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The Critic's Resource on AntiEvolution

NCSE Evolution and Climate Education Update for 2017/04/21

(by NCSE Deputy Director Glenn Branch)

Dear friends of NCSE,

Sad news of the death of Walter R. Hearn. And Florida's antiscience
bills are hammered in a pair of op-ed columns.


Walter R. Hearn, a biochemist active in defending evolution within
evangelical circles, died on April 11, 2017, at the age of 91,
according to the American Scientific Affiliation (April 14, 2017). As
Ronald L. Numbers wrote in The Creationists (1992), "As one of the
first biochemists to play an active role in the ASA, Hearn felt a
God-given responsibility to inform members about the growing
importance [in the 1950s] of biochemistry in theories of evolution ...
Because of his outspokenness, he often found himself the center of
controversy with the ASA, but because of his unfailingly sweet temper,
he seldom made enemies."

"Everybody in the 'science-faith game' has a history," Hearn wrote in
a 2014 essay. "As a minor-league player recalling many seasons, what
'strikes' me is the number of 'big-leaguers' I've actually known." He
proceeded to relate his encounters with such figures as Harry Rimmer,
Henry Morris, Ronald L. Numbers, John C. Greene, John Polkinghorne,
Duane Gish, Francis Collins, Phillip Johnson, Michael Denton, Forrest
Mims, Robert Russell, Ian Barbour, and NCSE's Eugenie C. Scott.
Especially with regard to evolution, Hearn often stepped up to the
plate himself, though. In the last thirty years, for example, he
coauthored Teaching Science in a Climate of Controversy (1986), which
sought -- with mixed success -- to advise teachers how to defuse
creationism/evolution controversies; appeared in the WGBH/NOVA series
Evolution (2001) to discuss the 1961 furor over evolution at Wheaton
College; and contributed a chapter to Darwin and the Bible: The
Cultural Confrontation (2009). He was a loyal member of the American
Scientific Affiliation for over fifty years, editing its newsletter
for twenty-three years, serving in the 1960s as the book review editor
of its journal (where he published negative reviews of Whitcomb and
Morris's The Genesis Flood), and regularly contributing to its

Hearn was born in Houston, Texas, on February 1, 1926. He attended
Rice University, where he earned his B.A. in chemistry in 1948, and
the University of Illinois, Urbana, where he received his Ph.D. in
biochemistry in 1951. He taught at the Yale School of Medicine, Baylor
College of Medicine, and finally Iowa State University from 1955 to
1971. He was elected as a fellow of the American Association for the
Advancement of Science in 1963. From 1978 to his death, he was
professor of Christianity and science at New College Berkeley, part of
the Graduate Theological Union. Hearn was the author also of Being a
Christian in Science (1997).

For the notice of Hearn's death from the ASA, visit: 

For Hearn's 2014 essay, visit: 


Florida's House Bill 989 and Senate Bill 1210 -- bills aimed at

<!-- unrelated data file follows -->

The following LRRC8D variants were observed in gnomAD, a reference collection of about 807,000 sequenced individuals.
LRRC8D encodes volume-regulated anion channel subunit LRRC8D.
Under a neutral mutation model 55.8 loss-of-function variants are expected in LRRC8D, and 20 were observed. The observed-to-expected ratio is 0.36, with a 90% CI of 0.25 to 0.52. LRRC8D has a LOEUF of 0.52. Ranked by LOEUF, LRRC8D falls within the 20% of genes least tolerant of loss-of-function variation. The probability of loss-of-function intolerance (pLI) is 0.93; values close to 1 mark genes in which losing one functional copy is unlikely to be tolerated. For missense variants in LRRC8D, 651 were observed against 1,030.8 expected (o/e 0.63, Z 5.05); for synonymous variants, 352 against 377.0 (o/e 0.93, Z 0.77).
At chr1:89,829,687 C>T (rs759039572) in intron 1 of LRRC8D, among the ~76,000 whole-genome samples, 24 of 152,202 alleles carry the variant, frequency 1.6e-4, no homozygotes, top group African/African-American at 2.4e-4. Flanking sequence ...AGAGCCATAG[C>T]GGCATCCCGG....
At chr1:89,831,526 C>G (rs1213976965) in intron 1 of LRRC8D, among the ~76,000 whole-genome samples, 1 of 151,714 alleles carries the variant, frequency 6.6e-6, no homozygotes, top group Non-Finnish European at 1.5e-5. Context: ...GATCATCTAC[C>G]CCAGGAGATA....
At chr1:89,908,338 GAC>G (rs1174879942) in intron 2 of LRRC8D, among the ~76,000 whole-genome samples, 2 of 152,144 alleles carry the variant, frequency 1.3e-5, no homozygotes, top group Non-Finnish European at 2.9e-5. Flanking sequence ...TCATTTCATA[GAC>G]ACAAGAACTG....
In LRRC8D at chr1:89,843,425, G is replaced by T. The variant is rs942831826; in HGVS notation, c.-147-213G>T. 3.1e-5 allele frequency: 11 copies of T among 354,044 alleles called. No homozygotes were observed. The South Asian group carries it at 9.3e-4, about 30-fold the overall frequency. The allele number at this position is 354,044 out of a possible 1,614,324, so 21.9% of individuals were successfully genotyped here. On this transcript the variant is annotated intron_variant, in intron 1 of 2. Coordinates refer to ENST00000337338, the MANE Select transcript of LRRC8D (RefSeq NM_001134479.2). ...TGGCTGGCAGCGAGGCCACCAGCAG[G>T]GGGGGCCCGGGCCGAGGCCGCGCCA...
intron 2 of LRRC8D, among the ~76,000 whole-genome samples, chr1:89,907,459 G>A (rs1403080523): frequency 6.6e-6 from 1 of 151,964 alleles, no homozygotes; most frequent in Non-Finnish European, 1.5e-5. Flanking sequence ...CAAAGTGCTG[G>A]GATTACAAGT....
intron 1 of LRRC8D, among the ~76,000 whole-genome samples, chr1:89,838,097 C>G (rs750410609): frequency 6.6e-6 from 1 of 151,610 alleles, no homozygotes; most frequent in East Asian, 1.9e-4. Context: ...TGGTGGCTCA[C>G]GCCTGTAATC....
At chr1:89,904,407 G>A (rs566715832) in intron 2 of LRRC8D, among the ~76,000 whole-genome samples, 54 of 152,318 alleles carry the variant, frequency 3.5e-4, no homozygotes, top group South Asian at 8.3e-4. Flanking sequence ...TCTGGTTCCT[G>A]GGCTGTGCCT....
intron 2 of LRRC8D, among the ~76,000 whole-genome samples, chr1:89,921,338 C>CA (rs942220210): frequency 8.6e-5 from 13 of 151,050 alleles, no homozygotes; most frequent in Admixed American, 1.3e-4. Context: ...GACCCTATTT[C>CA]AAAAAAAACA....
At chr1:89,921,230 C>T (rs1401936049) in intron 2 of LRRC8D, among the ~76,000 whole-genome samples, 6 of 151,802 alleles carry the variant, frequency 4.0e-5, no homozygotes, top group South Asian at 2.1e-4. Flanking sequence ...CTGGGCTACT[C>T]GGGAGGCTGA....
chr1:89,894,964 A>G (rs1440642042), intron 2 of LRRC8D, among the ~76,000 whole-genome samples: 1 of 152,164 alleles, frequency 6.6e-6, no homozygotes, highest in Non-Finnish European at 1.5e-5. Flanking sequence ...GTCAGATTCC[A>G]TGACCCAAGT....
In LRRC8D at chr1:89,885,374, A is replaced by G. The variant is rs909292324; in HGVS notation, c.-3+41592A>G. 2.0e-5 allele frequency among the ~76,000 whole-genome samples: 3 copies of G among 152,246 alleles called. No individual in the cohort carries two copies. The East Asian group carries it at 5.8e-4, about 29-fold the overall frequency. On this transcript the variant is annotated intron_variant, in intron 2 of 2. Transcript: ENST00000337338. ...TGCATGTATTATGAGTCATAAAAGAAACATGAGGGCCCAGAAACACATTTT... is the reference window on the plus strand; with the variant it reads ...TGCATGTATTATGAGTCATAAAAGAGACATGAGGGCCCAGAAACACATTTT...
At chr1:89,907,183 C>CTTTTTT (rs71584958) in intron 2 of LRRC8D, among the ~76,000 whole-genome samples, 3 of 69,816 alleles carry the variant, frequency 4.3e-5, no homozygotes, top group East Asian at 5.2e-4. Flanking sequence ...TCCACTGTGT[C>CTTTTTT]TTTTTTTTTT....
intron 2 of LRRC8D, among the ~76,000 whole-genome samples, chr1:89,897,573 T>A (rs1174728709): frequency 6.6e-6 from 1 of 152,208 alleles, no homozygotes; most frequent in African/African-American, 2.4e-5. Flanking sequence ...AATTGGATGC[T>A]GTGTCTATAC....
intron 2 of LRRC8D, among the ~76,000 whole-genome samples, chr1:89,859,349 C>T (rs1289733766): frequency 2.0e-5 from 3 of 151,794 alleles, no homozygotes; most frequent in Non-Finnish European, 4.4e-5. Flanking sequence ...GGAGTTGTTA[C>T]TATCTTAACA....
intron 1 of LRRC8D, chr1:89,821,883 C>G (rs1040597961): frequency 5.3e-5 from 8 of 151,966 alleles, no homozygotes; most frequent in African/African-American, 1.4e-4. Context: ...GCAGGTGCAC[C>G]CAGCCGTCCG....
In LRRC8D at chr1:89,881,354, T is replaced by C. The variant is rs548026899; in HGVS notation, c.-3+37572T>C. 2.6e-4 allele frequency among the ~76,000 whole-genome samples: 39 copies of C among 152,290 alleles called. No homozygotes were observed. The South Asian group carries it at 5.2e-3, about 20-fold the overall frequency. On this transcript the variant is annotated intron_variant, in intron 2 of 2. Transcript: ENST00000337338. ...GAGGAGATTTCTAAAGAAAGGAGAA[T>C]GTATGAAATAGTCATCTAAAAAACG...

empowering taxpayers to object to the use of specific instructional
materials in the public schools, with climate change and evolution
clearly among the targets -- were the subjects of sharp criticism in a
pair of commentaries.

Writing in the Tallahassee Democrat (April 14, 2017), Brandon Haught
of Florida Citizens for Science warned that if these bill become law,
"school boards will become inundated with demands that certain books
be banned and that schools must discontinue using textbooks that don’t
mesh with a vocal minority's ideological views." As evidence, he cited
affidavits submitted by the bills' supporters that complain, "I have
witnessed students being taught evolution as a fact of creation rather
than a theory," and "I have witnessed children being taught that
Global Warming is a reality." If legislators fail to recognize the
problems with the bill, he concluded, "school boards, teachers,
communities and students will suffer the consequences."

Writing in the Gainesville Sun (April 14, 2017), Jiri Hulcr, Andrea
Lucky, and Brandon Haught presented the case against HB 989 and SB
1210 vividly: "Imagine a crazy law that would empower anyone,
regardless of credentials or expertise, to alter their local school's
curriculum, and would require the school board to hire and pay a legal
specialist to be an arbiter between the school and special interest
groups. This is a very real possibility if the current instructional
materials bill, HB 989/SB 1210, passes." They asked, "Do our schools
need more legal burdens? Do we really want to force school boards to
have to hire, and pay for, hearing officials? Can we afford to allow
elected officials to support ideological interest groups in dictating
the quality of public education?"

HB 989 passed the House Education Committee on April 6, 2017, and may
be heard on the House floor as early as April 18, 2017. Its
counterpart, SB 1210, having passed the Senate Education Committee on
March 27, 2017, is presently in the Senate Appropriations Committee.

For information on Florida's House Bill 989 and Senate Bill 1210, visit: 

For Haught's and Hulcr, Lucky, and Haught's columns, visit: 

And for NCSE's previous coverage of events in Florida, visit: 


Have you been visiting NCSE's blog recently? If not, then you've missed:

* Stephanie Keep discussing a proposed major revision in dinosaur

For NCSE's blog, visit: 

Thanks for reading. And don't forget to visit NCSE's website -- -- where you can always find the latest news on 
evolution and climate education and threats to them.


Glenn Branch
Deputy Director
National Center for Science Education, Inc.
1904 Franklin Street, Suite 600
Oakland CA 94612-2922
fax 510-788-7971 

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